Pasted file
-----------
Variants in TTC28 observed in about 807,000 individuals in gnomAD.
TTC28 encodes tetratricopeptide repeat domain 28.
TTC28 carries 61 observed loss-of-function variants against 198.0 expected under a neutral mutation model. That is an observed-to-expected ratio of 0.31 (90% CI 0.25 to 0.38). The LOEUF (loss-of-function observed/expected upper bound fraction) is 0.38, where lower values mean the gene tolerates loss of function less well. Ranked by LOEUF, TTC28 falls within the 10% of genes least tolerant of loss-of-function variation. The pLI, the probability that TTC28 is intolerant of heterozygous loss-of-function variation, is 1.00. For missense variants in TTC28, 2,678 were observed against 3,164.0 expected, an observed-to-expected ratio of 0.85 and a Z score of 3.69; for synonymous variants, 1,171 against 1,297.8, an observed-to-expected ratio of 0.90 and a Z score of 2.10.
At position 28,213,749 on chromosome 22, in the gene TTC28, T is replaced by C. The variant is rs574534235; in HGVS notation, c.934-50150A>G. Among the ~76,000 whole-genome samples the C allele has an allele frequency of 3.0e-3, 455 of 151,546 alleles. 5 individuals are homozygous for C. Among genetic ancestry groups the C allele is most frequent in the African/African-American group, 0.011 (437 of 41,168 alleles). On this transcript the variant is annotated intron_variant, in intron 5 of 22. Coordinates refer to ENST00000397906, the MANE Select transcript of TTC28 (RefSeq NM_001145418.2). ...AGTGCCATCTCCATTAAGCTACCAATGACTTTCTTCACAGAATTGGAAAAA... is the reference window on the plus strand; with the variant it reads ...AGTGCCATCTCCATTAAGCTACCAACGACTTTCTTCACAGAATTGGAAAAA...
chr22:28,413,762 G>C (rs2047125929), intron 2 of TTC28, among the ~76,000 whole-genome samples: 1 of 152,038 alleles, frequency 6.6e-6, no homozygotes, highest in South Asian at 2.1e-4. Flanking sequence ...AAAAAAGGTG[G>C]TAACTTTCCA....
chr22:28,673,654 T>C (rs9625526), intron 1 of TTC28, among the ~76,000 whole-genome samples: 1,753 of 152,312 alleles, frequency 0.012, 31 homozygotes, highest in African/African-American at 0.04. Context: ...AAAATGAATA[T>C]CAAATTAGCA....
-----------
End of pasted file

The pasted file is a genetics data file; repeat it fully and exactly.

Variants in TTC28 observed in about 807,000 individuals in gnomAD.
TTC28 encodes tetratricopeptide repeat domain 28.
TTC28 carries 61 observed loss-of-function variants against 198.0 expected under a neutral mutation model. That is an observed-to-expected ratio of 0.31 (90% CI 0.25 to 0.38). The LOEUF (loss-of-function observed/expected upper bound fraction) is 0.38, where lower values mean the gene tolerates loss of function less well. Ranked by LOEUF, TTC28 falls within the 10% of genes least tolerant of loss-of-function variation. The pLI, the probability that TTC28 is intolerant of heterozygous loss-of-function variation, is 1.00. For missense variants in TTC28, 2,678 were observed against 3,164.0 expected, an observed-to-expected ratio of 0.85 and a Z score of 3.69; for synonymous variants, 1,171 against 1,297.8, an observed-to-expected ratio of 0.90 and a Z score of 2.10.
At position 28,213,749 on chromosome 22, in the gene TTC28, T is replaced by C. The variant is rs574534235; in HGVS notation, c.934-50150A>G. Among the ~76,000 whole-genome samples the C allele has an allele frequency of 3.0e-3, 455 of 151,546 alleles. 5 individuals are homozygous for C. Among genetic ancestry groups the C allele is most frequent in the African/African-American group, 0.011 (437 of 41,168 alleles). On this transcript the variant is annotated intron_variant, in intron 5 of 22. Coordinates refer to ENST00000397906, the MANE Select transcript of TTC28 (RefSeq NM_001145418.2). ...AGTGCCATCTCCATTAAGCTACCAATGACTTTCTTCACAGAATTGGAAAAA... is the reference window on the plus strand; with the variant it reads ...AGTGCCATCTCCATTAAGCTACCAACGACTTTCTTCACAGAATTGGAAAAA...
chr22:28,413,762 G>C (rs2047125929), intron 2 of TTC28, among the ~76,000 whole-genome samples: 1 of 152,038 alleles, frequency 6.6e-6, no homozygotes, highest in South Asian at 2.1e-4. Flanking sequence ...AAAAAAGGTG[G>C]TAACTTTCCA....
chr22:28,673,654 T>C (rs9625526), intron 1 of TTC28, among the ~76,000 whole-genome samples: 1,753 of 152,312 alleles, frequency 0.012, 31 homozygotes, highest in African/African-American at 0.04. Context: ...AAAATGAATA[T>C]CAAATTAGCA....